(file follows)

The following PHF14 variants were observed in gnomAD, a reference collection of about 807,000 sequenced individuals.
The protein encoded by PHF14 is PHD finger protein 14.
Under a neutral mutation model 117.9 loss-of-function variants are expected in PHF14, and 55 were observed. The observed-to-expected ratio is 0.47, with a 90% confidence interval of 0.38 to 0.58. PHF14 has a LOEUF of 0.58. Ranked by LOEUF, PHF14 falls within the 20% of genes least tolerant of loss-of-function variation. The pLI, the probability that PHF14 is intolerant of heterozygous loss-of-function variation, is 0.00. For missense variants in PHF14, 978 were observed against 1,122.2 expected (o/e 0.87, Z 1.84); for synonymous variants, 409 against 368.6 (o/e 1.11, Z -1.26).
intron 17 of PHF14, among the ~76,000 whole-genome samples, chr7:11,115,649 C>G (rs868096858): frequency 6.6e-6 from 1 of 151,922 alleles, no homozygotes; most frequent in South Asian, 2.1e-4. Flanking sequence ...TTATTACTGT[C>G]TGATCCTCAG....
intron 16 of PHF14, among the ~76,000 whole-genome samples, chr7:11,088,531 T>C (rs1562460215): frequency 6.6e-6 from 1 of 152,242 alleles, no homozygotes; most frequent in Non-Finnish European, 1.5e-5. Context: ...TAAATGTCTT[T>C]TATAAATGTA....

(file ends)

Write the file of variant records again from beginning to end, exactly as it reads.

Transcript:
The following PHF14 variants were observed in gnomAD, a reference collection of about 807,000 sequenced individuals.
The protein encoded by PHF14 is PHD finger protein 14.
Under a neutral mutation model 117.9 loss-of-function variants are expected in PHF14, and 55 were observed. The observed-to-expected ratio is 0.47, with a 90% confidence interval of 0.38 to 0.58. PHF14 has a LOEUF of 0.58. Ranked by LOEUF, PHF14 falls within the 20% of genes least tolerant of loss-of-function variation. The pLI, the probability that PHF14 is intolerant of heterozygous loss-of-function variation, is 0.00. For missense variants in PHF14, 978 were observed against 1,122.2 expected (o/e 0.87, Z 1.84); for synonymous variants, 409 against 368.6 (o/e 1.11, Z -1.26).
intron 17 of PHF14, among the ~76,000 whole-genome samples, chr7:11,115,649 C>G (rs868096858): frequency 6.6e-6 from 1 of 151,922 alleles, no homozygotes; most frequent in South Asian, 2.1e-4. Flanking sequence ...TTATTACTGT[C>G]TGATCCTCAG....
intron 16 of PHF14, among the ~76,000 whole-genome samples, chr7:11,088,531 T>C (rs1562460215): frequency 6.6e-6 from 1 of 152,242 alleles, no homozygotes; most frequent in Non-Finnish European, 1.5e-5. Context: ...TAAATGTCTT[T>C]TATAAATGTA....